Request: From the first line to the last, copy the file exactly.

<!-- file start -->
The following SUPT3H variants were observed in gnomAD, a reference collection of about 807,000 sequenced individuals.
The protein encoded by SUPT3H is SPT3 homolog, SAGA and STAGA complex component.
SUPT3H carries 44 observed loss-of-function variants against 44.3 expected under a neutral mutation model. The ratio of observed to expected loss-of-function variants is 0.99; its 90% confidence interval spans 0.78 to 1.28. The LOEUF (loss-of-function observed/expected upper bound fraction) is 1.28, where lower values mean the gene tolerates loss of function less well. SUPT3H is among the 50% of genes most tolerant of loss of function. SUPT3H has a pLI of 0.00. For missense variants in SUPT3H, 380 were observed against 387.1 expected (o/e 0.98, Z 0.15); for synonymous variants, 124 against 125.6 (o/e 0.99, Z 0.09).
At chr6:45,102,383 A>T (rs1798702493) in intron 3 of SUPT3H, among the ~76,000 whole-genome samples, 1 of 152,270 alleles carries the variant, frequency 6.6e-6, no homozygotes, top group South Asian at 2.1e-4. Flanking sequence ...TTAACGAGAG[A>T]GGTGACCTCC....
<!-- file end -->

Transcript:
The following SUPT3H variants were observed in gnomAD, a reference collection of about 807,000 sequenced individuals.
The protein encoded by SUPT3H is SPT3 homolog, SAGA and STAGA complex component.
SUPT3H carries 44 observed loss-of-function variants against 44.3 expected under a neutral mutation model. The ratio of observed to expected loss-of-function variants is 0.99; its 90% confidence interval spans 0.78 to 1.28. The LOEUF (loss-of-function observed/expected upper bound fraction) is 1.28, where lower values mean the gene tolerates loss of function less well. SUPT3H is among the 50% of genes most tolerant of loss of function. SUPT3H has a pLI of 0.00. For missense variants in SUPT3H, 380 were observed against 387.1 expected (o/e 0.98, Z 0.15); for synonymous variants, 124 against 125.6 (o/e 0.99, Z 0.09).
At chr6:45,102,383 A>T (rs1798702493) in intron 3 of SUPT3H, among the ~76,000 whole-genome samples, 1 of 152,270 alleles carries the variant, frequency 6.6e-6, no homozygotes, top group South Asian at 2.1e-4. Flanking sequence ...TTAACGAGAG[A>T]GGTGACCTCC....